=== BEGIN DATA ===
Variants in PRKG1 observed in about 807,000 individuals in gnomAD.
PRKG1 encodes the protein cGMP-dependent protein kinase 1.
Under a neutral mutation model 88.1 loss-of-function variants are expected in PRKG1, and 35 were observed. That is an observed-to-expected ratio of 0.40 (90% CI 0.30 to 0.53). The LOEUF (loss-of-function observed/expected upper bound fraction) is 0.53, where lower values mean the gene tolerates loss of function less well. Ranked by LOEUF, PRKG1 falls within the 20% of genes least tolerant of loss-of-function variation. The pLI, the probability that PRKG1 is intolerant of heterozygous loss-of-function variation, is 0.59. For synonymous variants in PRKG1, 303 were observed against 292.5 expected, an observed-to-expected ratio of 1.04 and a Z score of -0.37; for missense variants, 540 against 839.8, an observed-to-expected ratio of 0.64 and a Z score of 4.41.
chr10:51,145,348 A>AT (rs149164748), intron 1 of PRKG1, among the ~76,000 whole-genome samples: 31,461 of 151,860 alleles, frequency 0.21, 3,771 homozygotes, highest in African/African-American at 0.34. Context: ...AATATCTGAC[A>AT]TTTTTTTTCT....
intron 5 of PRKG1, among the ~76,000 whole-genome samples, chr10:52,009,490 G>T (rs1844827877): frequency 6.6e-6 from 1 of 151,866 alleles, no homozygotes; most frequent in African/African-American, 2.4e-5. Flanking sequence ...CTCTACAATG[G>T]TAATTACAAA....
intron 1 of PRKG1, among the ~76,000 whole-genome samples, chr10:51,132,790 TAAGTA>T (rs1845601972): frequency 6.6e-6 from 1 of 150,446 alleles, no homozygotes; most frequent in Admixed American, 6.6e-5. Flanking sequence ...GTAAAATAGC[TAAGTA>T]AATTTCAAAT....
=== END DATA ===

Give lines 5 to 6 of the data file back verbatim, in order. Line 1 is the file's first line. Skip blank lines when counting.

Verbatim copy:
intron 5 of PRKG1, among the ~76,000 whole-genome samples, chr10:52,009,490 G>T (rs1844827877): frequency 6.6e-6 from 1 of 151,866 alleles, no homozygotes; most frequent in African/African-American, 2.4e-5. Flanking sequence ...CTCTACAATG[G>T]TAATTACAAA....
intron 1 of PRKG1, among the ~76,000 whole-genome samples, chr10:51,132,790 TAAGTA>T (rs1845601972): frequency 6.6e-6 from 1 of 150,446 alleles, no homozygotes; most frequent in Admixed American, 6.6e-5. Flanking sequence ...GTAAAATAGC[TAAGTA>T]AATTTCAAAT....